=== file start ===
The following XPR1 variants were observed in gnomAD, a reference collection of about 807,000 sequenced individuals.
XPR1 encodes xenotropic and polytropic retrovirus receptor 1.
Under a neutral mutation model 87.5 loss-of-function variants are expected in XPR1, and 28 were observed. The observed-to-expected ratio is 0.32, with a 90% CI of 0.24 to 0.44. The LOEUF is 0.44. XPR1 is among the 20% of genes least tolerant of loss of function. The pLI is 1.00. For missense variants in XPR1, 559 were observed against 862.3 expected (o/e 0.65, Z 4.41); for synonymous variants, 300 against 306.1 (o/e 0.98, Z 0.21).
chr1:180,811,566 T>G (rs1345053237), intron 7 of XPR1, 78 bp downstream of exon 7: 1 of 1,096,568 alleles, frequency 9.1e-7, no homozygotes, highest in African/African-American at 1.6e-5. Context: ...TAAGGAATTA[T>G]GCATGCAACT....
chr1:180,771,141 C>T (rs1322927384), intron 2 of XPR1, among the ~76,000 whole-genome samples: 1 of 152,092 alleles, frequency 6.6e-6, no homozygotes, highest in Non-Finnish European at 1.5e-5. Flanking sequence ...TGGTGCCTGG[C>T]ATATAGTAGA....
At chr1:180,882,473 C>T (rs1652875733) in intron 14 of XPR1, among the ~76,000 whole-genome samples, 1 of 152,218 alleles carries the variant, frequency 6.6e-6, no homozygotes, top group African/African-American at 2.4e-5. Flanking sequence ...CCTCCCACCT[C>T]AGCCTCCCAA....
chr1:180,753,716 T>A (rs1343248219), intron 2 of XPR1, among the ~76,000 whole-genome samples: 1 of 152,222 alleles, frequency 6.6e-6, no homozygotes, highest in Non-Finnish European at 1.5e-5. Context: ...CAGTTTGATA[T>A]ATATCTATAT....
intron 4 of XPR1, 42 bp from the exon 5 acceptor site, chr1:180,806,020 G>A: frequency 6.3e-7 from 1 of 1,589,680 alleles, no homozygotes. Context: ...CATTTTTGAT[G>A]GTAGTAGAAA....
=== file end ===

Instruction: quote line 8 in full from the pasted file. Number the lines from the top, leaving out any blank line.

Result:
intron 4 of XPR1, 42 bp from the exon 5 acceptor site, chr1:180,806,020 G>A: frequency 6.3e-7 from 1 of 1,589,680 alleles, no homozygotes. Context: ...CATTTTTGAT[G>A]GTAGTAGAAA....